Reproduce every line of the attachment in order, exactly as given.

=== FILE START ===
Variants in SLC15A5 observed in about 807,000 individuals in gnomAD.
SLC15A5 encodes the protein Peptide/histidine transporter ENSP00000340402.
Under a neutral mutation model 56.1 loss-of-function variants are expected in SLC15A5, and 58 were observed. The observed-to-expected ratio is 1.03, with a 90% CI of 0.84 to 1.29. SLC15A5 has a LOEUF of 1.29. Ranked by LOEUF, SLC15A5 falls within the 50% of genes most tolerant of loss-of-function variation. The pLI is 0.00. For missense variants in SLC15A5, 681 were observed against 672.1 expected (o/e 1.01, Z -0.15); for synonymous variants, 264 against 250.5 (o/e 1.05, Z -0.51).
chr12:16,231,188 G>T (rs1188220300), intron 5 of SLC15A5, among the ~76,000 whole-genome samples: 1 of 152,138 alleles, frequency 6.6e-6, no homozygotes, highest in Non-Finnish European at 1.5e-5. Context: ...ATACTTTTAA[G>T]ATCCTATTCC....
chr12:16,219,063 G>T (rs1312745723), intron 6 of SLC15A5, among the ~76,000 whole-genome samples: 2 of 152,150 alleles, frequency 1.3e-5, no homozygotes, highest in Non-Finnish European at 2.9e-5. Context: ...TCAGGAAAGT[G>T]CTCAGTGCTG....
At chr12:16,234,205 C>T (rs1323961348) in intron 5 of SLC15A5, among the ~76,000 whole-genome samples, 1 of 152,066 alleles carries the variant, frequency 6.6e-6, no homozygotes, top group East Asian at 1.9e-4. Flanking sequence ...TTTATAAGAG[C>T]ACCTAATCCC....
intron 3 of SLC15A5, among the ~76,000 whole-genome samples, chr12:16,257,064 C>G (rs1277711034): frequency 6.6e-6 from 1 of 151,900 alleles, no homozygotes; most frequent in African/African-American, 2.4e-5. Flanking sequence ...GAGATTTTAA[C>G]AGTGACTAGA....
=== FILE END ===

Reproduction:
Variants in SLC15A5 observed in about 807,000 individuals in gnomAD.
SLC15A5 encodes the protein Peptide/histidine transporter ENSP00000340402.
Under a neutral mutation model 56.1 loss-of-function variants are expected in SLC15A5, and 58 were observed. The observed-to-expected ratio is 1.03, with a 90% CI of 0.84 to 1.29. SLC15A5 has a LOEUF of 1.29. Ranked by LOEUF, SLC15A5 falls within the 50% of genes most tolerant of loss-of-function variation. The pLI is 0.00. For missense variants in SLC15A5, 681 were observed against 672.1 expected (o/e 1.01, Z -0.15); for synonymous variants, 264 against 250.5 (o/e 1.05, Z -0.51).
chr12:16,231,188 G>T (rs1188220300), intron 5 of SLC15A5, among the ~76,000 whole-genome samples: 1 of 152,138 alleles, frequency 6.6e-6, no homozygotes, highest in Non-Finnish European at 1.5e-5. Context: ...ATACTTTTAA[G>T]ATCCTATTCC....
chr12:16,219,063 G>T (rs1312745723), intron 6 of SLC15A5, among the ~76,000 whole-genome samples: 2 of 152,150 alleles, frequency 1.3e-5, no homozygotes, highest in Non-Finnish European at 2.9e-5. Context: ...TCAGGAAAGT[G>T]CTCAGTGCTG....
At chr12:16,234,205 C>T (rs1323961348) in intron 5 of SLC15A5, among the ~76,000 whole-genome samples, 1 of 152,066 alleles carries the variant, frequency 6.6e-6, no homozygotes, top group East Asian at 1.9e-4. Flanking sequence ...TTTATAAGAG[C>T]ACCTAATCCC....
intron 3 of SLC15A5, among the ~76,000 whole-genome samples, chr12:16,257,064 C>G (rs1277711034): frequency 6.6e-6 from 1 of 151,900 alleles, no homozygotes; most frequent in African/African-American, 2.4e-5. Flanking sequence ...GAGATTTTAA[C>G]AGTGACTAGA....